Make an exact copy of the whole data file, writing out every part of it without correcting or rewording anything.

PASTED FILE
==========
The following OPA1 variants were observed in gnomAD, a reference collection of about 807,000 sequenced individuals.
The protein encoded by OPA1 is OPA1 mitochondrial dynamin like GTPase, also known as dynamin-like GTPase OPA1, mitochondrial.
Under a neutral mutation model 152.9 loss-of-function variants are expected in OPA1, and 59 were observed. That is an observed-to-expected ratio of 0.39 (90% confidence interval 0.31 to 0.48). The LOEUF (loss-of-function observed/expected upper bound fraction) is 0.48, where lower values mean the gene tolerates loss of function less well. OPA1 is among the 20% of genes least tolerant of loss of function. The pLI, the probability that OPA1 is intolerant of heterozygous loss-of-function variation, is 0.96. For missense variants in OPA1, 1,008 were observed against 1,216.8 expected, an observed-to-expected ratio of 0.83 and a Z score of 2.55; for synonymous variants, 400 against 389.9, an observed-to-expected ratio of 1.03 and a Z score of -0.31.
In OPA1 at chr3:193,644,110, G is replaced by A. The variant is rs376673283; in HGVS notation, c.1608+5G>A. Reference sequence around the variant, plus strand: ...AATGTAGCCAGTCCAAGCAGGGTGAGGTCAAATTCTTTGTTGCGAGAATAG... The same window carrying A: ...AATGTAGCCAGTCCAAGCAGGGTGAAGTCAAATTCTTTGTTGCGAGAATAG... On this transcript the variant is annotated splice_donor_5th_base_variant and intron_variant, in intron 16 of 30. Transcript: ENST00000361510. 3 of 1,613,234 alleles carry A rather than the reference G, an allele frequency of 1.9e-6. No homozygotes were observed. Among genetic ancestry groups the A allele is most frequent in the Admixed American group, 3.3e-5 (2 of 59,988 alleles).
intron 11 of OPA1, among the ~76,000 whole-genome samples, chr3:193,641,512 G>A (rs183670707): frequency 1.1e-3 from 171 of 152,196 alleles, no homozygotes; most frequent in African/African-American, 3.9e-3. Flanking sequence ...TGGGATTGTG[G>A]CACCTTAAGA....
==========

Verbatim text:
The following OPA1 variants were observed in gnomAD, a reference collection of about 807,000 sequenced individuals.
The protein encoded by OPA1 is OPA1 mitochondrial dynamin like GTPase, also known as dynamin-like GTPase OPA1, mitochondrial.
Under a neutral mutation model 152.9 loss-of-function variants are expected in OPA1, and 59 were observed. That is an observed-to-expected ratio of 0.39 (90% confidence interval 0.31 to 0.48). The LOEUF (loss-of-function observed/expected upper bound fraction) is 0.48, where lower values mean the gene tolerates loss of function less well. OPA1 is among the 20% of genes least tolerant of loss of function. The pLI, the probability that OPA1 is intolerant of heterozygous loss-of-function variation, is 0.96. For missense variants in OPA1, 1,008 were observed against 1,216.8 expected, an observed-to-expected ratio of 0.83 and a Z score of 2.55; for synonymous variants, 400 against 389.9, an observed-to-expected ratio of 1.03 and a Z score of -0.31.
In OPA1 at chr3:193,644,110, G is replaced by A. The variant is rs376673283; in HGVS notation, c.1608+5G>A. Reference sequence around the variant, plus strand: ...AATGTAGCCAGTCCAAGCAGGGTGAGGTCAAATTCTTTGTTGCGAGAATAG... The same window carrying A: ...AATGTAGCCAGTCCAAGCAGGGTGAAGTCAAATTCTTTGTTGCGAGAATAG... On this transcript the variant is annotated splice_donor_5th_base_variant and intron_variant, in intron 16 of 30. Transcript: ENST00000361510. 3 of 1,613,234 alleles carry A rather than the reference G, an allele frequency of 1.9e-6. No homozygotes were observed. Among genetic ancestry groups the A allele is most frequent in the Admixed American group, 3.3e-5 (2 of 59,988 alleles).
intron 11 of OPA1, among the ~76,000 whole-genome samples, chr3:193,641,512 G>A (rs183670707): frequency 1.1e-3 from 171 of 152,196 alleles, no homozygotes; most frequent in African/African-American, 3.9e-3. Flanking sequence ...TGGGATTGTG[G>A]CACCTTAAGA....